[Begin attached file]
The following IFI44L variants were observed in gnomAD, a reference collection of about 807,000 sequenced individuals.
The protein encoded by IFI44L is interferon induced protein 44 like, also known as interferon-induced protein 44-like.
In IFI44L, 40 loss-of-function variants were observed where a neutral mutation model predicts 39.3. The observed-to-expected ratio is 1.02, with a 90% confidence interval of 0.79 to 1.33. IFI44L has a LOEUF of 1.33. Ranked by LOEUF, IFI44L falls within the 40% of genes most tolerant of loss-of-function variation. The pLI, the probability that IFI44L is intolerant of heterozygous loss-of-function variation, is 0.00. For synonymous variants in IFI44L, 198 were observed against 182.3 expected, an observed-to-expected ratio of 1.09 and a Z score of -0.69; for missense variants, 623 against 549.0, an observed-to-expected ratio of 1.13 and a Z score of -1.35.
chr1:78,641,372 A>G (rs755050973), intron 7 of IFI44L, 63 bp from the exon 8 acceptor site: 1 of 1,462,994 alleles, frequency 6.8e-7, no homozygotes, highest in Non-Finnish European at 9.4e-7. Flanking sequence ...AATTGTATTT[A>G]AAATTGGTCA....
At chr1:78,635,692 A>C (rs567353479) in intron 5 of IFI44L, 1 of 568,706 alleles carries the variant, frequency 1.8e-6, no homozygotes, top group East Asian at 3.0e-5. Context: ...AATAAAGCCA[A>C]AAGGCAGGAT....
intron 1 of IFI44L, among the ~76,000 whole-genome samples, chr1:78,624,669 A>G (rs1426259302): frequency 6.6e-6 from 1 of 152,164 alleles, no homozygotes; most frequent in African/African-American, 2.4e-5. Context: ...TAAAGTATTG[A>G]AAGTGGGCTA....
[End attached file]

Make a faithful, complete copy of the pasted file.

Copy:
The following IFI44L variants were observed in gnomAD, a reference collection of about 807,000 sequenced individuals.
The protein encoded by IFI44L is interferon induced protein 44 like, also known as interferon-induced protein 44-like.
In IFI44L, 40 loss-of-function variants were observed where a neutral mutation model predicts 39.3. The observed-to-expected ratio is 1.02, with a 90% confidence interval of 0.79 to 1.33. IFI44L has a LOEUF of 1.33. Ranked by LOEUF, IFI44L falls within the 40% of genes most tolerant of loss-of-function variation. The pLI, the probability that IFI44L is intolerant of heterozygous loss-of-function variation, is 0.00. For synonymous variants in IFI44L, 198 were observed against 182.3 expected, an observed-to-expected ratio of 1.09 and a Z score of -0.69; for missense variants, 623 against 549.0, an observed-to-expected ratio of 1.13 and a Z score of -1.35.
chr1:78,641,372 A>G (rs755050973), intron 7 of IFI44L, 63 bp from the exon 8 acceptor site: 1 of 1,462,994 alleles, frequency 6.8e-7, no homozygotes, highest in Non-Finnish European at 9.4e-7. Flanking sequence ...AATTGTATTT[A>G]AAATTGGTCA....
At chr1:78,635,692 A>C (rs567353479) in intron 5 of IFI44L, 1 of 568,706 alleles carries the variant, frequency 1.8e-6, no homozygotes, top group East Asian at 3.0e-5. Context: ...AATAAAGCCA[A>C]AAGGCAGGAT....
intron 1 of IFI44L, among the ~76,000 whole-genome samples, chr1:78,624,669 A>G (rs1426259302): frequency 6.6e-6 from 1 of 152,164 alleles, no homozygotes; most frequent in African/African-American, 2.4e-5. Context: ...TAAAGTATTG[A>G]AAGTGGGCTA....